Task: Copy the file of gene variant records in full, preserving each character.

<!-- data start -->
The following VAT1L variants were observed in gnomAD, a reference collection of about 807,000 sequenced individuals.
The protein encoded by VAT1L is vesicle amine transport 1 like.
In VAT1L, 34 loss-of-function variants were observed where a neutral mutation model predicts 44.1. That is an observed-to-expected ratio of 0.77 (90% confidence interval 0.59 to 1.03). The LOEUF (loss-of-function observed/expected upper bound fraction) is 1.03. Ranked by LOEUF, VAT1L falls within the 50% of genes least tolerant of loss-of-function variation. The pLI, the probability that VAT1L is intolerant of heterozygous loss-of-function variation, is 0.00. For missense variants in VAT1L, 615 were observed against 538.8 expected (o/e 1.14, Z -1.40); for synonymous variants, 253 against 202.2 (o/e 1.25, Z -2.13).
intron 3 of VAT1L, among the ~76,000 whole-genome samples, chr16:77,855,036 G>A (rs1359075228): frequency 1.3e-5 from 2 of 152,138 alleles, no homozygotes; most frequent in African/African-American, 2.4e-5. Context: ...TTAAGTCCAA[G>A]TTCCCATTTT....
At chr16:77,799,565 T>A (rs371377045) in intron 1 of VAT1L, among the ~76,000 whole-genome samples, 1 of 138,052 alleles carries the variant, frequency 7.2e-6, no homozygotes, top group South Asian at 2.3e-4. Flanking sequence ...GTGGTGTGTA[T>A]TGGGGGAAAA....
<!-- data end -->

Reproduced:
The following VAT1L variants were observed in gnomAD, a reference collection of about 807,000 sequenced individuals.
The protein encoded by VAT1L is vesicle amine transport 1 like.
In VAT1L, 34 loss-of-function variants were observed where a neutral mutation model predicts 44.1. That is an observed-to-expected ratio of 0.77 (90% confidence interval 0.59 to 1.03). The LOEUF (loss-of-function observed/expected upper bound fraction) is 1.03. Ranked by LOEUF, VAT1L falls within the 50% of genes least tolerant of loss-of-function variation. The pLI, the probability that VAT1L is intolerant of heterozygous loss-of-function variation, is 0.00. For missense variants in VAT1L, 615 were observed against 538.8 expected (o/e 1.14, Z -1.40); for synonymous variants, 253 against 202.2 (o/e 1.25, Z -2.13).
intron 3 of VAT1L, among the ~76,000 whole-genome samples, chr16:77,855,036 G>A (rs1359075228): frequency 1.3e-5 from 2 of 152,138 alleles, no homozygotes; most frequent in African/African-American, 2.4e-5. Context: ...TTAAGTCCAA[G>A]TTCCCATTTT....
At chr16:77,799,565 T>A (rs371377045) in intron 1 of VAT1L, among the ~76,000 whole-genome samples, 1 of 138,052 alleles carries the variant, frequency 7.2e-6, no homozygotes, top group South Asian at 2.3e-4. Flanking sequence ...GTGGTGTGTA[T>A]TGGGGGAAAA....